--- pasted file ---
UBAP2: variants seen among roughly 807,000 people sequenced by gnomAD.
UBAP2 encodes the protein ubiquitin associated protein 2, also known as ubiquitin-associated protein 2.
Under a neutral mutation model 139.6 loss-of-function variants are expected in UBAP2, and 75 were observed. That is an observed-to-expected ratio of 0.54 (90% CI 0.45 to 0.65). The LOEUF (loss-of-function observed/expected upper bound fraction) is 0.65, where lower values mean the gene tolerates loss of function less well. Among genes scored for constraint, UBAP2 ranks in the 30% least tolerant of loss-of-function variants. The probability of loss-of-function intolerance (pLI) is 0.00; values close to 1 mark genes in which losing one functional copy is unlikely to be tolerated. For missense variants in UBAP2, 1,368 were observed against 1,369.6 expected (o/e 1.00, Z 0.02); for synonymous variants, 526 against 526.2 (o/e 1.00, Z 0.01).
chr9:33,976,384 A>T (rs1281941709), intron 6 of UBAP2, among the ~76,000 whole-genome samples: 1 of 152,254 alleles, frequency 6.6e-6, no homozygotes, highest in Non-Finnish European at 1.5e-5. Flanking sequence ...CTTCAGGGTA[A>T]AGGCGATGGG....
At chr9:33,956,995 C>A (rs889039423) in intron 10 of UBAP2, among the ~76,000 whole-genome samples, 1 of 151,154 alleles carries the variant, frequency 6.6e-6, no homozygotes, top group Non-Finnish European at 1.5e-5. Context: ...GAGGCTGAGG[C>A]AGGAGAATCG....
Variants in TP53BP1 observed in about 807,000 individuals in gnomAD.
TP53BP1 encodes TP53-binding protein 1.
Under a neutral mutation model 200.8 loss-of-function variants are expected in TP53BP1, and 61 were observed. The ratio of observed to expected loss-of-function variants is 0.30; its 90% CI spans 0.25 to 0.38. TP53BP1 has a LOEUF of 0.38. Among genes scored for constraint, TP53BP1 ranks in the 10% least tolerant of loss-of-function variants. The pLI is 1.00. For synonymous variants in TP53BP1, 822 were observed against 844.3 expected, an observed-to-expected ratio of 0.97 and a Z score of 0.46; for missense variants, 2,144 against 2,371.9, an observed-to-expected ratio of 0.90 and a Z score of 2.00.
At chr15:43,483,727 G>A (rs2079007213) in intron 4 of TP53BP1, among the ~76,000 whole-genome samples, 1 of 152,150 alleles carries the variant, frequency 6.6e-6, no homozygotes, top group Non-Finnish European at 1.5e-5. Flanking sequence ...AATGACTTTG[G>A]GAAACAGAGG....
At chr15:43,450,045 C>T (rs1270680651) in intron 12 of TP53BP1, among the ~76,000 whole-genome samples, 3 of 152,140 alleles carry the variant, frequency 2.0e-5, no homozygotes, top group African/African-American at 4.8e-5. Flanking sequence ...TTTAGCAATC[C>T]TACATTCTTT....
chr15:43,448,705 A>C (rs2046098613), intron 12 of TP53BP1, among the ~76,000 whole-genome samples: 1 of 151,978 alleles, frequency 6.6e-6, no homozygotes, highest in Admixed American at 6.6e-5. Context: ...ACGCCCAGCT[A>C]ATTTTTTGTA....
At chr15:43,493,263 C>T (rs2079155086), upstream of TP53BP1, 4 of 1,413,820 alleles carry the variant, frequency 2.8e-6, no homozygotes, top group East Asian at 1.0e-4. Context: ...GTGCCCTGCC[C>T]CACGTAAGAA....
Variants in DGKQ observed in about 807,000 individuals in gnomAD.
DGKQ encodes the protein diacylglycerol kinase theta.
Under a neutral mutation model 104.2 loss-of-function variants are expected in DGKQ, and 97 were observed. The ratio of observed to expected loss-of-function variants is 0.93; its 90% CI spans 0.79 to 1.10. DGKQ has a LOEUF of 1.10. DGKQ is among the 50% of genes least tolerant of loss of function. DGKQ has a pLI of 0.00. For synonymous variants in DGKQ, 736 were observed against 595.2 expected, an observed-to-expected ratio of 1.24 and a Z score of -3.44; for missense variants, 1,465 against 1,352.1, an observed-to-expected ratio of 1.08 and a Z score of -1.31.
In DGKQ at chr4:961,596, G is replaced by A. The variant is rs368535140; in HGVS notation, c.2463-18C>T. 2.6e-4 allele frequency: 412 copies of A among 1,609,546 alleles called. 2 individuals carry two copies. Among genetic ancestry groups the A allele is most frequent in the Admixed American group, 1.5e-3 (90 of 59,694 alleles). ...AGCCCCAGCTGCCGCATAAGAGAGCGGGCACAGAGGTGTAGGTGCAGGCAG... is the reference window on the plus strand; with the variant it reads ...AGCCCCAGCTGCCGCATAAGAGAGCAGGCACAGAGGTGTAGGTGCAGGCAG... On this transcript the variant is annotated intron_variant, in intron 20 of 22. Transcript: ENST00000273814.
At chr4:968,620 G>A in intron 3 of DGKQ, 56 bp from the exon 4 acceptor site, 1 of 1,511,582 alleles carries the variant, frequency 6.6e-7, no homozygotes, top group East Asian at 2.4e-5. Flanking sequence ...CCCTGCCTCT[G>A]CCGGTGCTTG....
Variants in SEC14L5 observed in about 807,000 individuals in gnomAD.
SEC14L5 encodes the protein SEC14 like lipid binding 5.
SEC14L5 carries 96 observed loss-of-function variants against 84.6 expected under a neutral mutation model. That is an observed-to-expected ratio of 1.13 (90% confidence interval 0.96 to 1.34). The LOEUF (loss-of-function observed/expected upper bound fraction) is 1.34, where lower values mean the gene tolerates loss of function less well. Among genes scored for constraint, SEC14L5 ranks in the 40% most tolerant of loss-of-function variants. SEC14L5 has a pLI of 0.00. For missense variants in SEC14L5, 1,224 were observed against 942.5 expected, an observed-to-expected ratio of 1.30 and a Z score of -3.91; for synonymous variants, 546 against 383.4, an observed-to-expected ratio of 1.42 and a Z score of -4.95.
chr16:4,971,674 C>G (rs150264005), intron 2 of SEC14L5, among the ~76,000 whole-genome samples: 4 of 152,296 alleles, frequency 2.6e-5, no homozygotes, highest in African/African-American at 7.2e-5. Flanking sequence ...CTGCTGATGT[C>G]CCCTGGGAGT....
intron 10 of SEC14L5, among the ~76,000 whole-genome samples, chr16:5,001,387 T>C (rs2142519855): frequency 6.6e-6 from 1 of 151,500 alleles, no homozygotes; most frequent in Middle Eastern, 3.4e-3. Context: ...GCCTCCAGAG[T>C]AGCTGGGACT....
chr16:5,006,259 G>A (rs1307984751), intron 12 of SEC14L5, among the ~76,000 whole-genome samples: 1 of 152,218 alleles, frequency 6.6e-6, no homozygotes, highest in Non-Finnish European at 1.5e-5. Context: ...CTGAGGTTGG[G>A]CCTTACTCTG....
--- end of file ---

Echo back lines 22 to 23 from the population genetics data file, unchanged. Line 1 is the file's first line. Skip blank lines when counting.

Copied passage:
intron 10 of SEC14L5, among the ~76,000 whole-genome samples, chr16:5,001,387 T>C (rs2142519855): frequency 6.6e-6 from 1 of 151,500 alleles, no homozygotes; most frequent in Middle Eastern, 3.4e-3. Context: ...GCCTCCAGAG[T>C]AGCTGGGACT....
chr16:5,006,259 G>A (rs1307984751), intron 12 of SEC14L5, among the ~76,000 whole-genome samples: 1 of 152,218 alleles, frequency 6.6e-6, no homozygotes, highest in Non-Finnish European at 1.5e-5. Context: ...CTGAGGTTGG[G>A]CCTTACTCTG....